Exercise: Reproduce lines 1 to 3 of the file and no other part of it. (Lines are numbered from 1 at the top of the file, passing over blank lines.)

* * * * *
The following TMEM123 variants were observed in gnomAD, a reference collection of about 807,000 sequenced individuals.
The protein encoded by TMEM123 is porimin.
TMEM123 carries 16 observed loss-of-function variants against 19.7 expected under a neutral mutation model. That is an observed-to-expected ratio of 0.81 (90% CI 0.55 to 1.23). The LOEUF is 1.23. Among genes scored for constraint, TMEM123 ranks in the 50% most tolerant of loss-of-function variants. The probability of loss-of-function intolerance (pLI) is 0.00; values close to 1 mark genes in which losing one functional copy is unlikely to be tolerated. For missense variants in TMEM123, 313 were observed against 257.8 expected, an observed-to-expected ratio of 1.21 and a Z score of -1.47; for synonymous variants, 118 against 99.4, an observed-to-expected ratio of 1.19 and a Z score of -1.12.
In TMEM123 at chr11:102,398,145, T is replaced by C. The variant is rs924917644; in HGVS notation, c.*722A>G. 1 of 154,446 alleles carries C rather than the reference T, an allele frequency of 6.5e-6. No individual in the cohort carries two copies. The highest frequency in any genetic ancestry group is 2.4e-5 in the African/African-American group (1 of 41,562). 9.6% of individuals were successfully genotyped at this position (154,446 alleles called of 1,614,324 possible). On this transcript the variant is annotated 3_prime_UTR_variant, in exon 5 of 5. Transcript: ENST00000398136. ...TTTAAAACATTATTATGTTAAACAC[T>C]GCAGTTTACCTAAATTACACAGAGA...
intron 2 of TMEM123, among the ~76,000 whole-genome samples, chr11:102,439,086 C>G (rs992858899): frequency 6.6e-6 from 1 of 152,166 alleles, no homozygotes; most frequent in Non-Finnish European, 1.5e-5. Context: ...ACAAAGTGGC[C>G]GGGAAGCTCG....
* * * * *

The following TMEM123 variants were observed in gnomAD, a reference collection of about 807,000 sequenced individuals.
The protein encoded by TMEM123 is porimin.
TMEM123 carries 16 observed loss-of-function variants against 19.7 expected under a neutral mutation model. That is an observed-to-expected ratio of 0.81 (90% CI 0.55 to 1.23). The LOEUF is 1.23. Among genes scored for constraint, TMEM123 ranks in the 50% most tolerant of loss-of-function variants. The probability of loss-of-function intolerance (pLI) is 0.00; values close to 1 mark genes in which losing one functional copy is unlikely to be tolerated. For missense variants in TMEM123, 313 were observed against 257.8 expected, an observed-to-expected ratio of 1.21 and a Z score of -1.47; for synonymous variants, 118 against 99.4, an observed-to-expected ratio of 1.19 and a Z score of -1.12.